Chris's February 2013 Staff Pick: This breathtaking novel tells the story of the three van Goethem sisters. In 1878 there isn’t much work for young girls and after the death of their father if figure out that if they want to eat and keep their home they are the ones that have to find work.
Antoinette has to deciede between honest work as a laundress or Parisian demimonde, which is more profitable but not so honest.
Marie, the middle child, goes to the Opera to become a ballerina, where she winds up modeling for Degas. Charlotte, the littlest sister, who wants to help out but isn’t really of an age yet. Cathy describes this era with such passion and detale.
Indie Next ListJanuary 2013
At the end of the 19th century, Paris was the center of the world for all arts, and humanity struggled with massive changes in the very structure of society. Degas and Zola were players on this stage as were three sisters who aspired to the world of ballet. Based on historical figures and incidents, this novel delivers great atmosphere and fully realized characters who weave through the harsh yet rich tapestry of the times and tell a story of family, romance, degradation, and fulfillment. -- Karen Frank, Northshire Bookstore, Manchester Center, VT
A heartrending, gripping novel about two sisters in Belle Époque Paris.
1878 Paris. Following their father’s sudden death, the van Goethem sisters find their lives upended. Without his wages, and with the small amount their laundress mother earns disappearing into the absinthe bottle, eviction from their lodgings seems imminent. With few options for work, Marie is dispatched to the Paris Opéra, where for a scant seventeen francs a week, she will be trained to enter the famous ballet. Her older sister, Antoinette, finds work as an extra in a stage adaptation of Émile Zola’s naturalist masterpiece L’Assommoir.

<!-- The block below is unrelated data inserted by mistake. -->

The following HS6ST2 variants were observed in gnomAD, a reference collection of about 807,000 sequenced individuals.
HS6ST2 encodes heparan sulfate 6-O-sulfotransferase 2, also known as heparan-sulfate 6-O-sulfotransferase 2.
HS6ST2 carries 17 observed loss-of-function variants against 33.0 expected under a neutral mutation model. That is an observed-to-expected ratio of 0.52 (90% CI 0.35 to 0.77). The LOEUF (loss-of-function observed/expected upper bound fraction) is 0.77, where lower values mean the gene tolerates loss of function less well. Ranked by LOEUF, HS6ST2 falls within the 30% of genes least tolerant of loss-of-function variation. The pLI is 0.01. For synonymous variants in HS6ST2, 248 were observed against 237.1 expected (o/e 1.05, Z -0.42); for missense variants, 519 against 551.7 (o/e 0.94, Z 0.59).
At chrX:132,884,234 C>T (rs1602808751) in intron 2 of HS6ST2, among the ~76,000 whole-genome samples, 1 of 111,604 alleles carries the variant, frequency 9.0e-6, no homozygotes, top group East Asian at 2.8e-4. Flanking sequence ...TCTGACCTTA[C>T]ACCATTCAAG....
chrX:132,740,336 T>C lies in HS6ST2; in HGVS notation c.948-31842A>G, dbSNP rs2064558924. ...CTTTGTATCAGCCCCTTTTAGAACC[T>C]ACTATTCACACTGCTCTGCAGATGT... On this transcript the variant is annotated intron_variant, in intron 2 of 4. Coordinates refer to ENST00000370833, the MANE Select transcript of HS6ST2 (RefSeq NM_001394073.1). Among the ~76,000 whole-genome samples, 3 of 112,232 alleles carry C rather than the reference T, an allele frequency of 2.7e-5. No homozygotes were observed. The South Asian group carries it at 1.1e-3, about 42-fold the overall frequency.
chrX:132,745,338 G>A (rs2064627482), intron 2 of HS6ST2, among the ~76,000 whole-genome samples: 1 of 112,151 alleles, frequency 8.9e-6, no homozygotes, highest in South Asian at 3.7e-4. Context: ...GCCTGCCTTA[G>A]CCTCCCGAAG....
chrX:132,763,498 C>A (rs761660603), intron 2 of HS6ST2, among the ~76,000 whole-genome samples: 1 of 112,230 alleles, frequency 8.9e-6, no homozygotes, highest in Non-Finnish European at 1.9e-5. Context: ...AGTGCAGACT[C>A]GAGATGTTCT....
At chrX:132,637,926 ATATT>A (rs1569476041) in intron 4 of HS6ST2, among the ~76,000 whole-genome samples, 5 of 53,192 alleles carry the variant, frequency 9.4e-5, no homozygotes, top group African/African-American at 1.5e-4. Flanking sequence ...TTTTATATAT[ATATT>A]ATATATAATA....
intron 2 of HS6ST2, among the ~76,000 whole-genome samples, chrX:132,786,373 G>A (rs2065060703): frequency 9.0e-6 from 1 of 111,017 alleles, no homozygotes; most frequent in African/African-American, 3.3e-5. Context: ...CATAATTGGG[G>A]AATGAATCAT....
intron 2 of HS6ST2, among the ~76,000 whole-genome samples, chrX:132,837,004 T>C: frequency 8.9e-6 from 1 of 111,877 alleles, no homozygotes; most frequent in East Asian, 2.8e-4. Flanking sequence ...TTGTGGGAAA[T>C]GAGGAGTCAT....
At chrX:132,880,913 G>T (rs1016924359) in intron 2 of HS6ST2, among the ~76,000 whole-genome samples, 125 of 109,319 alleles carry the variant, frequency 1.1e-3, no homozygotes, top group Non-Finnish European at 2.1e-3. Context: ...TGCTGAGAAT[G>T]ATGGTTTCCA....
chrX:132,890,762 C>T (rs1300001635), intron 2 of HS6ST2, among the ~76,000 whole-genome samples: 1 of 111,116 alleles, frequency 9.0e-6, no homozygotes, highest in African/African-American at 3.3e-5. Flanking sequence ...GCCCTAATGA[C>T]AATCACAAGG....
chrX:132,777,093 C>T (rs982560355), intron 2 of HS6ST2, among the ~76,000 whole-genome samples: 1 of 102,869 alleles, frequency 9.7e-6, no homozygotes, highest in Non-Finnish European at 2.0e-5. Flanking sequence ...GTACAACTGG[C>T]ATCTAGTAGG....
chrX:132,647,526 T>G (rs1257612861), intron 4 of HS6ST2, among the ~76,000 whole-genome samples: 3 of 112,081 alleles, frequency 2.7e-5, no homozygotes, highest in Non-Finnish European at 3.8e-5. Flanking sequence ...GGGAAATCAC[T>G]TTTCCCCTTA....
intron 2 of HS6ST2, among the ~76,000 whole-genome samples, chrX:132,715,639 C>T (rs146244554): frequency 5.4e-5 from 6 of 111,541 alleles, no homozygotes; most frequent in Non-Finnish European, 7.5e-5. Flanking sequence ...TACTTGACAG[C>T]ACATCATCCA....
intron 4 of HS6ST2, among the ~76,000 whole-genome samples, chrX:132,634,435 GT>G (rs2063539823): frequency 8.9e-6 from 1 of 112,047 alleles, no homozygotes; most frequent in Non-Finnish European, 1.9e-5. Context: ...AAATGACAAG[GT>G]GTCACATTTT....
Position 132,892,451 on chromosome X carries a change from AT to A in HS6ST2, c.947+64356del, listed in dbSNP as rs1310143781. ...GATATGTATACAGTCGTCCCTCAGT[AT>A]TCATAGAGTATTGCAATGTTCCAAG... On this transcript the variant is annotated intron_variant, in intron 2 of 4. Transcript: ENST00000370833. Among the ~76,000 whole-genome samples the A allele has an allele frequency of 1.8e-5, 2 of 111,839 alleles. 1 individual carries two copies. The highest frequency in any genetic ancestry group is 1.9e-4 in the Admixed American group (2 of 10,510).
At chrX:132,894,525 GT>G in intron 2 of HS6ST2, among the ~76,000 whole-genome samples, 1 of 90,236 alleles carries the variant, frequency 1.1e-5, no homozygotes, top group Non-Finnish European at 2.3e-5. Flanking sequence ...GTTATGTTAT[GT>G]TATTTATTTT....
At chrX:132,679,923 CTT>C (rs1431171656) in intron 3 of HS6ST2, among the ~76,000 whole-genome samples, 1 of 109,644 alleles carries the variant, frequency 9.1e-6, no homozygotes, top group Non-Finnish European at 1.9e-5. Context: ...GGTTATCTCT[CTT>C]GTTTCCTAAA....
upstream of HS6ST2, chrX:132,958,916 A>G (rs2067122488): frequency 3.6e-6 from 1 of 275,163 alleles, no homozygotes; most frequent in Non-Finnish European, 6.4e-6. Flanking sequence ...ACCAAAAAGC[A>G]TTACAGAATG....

Marie throws herself into dance and is soon modeling in the studio of Edgar Degas, where her image will forever be immortalized as Little Dancer Aged Fourteen. There she meets a wealthy male patron of the ballet, but might the assistance he offers come with strings attached? Meanwhile Antoinette, derailed by her love for the dangerous Émile Abadie, must choose between honest labor and the more profitable avenues open to a young woman of the Parisian demimonde.
Set at a moment of profound artistic, cultural, and societal change, The Painted Girls is a tale of two remarkable sisters rendered uniquely vulnerable to the darker impulses of “civilized society.” In the end, each will come to realize that her salvation, if not survival, lies with the other.
About the Author
Cathy Marie Buchanan is the author of the national bestseller The Day the Falls Stood Still, a Barnes & Noble Recommends selection and an Indie Next pick. She lives in Toronto.
Praise for The Painted Girls…
"Deeply moving and inventive . . . Buchanan's evocative portrait of 19th-century Paris brings to life its sights, sounds, and smells, along with the ballet hall where dancers hunger for a place in the corps. . . . But nothing is more real or gripping than the emotions of Marie and her older sister Antoinette. . . . Their tale is ultimately a tribute to the beauty of sisterly love."—People
“The ethereal ballerina from Degas’s famed sculpture Little Dancer Aged Fourteen comes to life in this richly imagined novel. Amid the glamour of tutus and art emerges a surprisingly gritty story of survival in the gutters of Belle Epoque Paris.”—Entertainment Weekly
“In The Painted Girls, a historically based work of fiction rich with naturalistic details of late-19th-century Paris, Cathy Marie Buchanan paints the girls who spring from the page as vibrantly as a dancer’s leap across a stage. . . . A compelling story of yearning for love in the face of ugliness and brutality. Wheeling out of control, the two older girls descend from their pretty pirouettes to misery, their mutual affection torn apart for a time. Nevertheless, Buchanan makes us feel they are good at heart. The Painted Girls is a captivating story of fate, tarnished ambition and the ultimate triumph of sister-love.”—Susan Vreeland, The Washington Post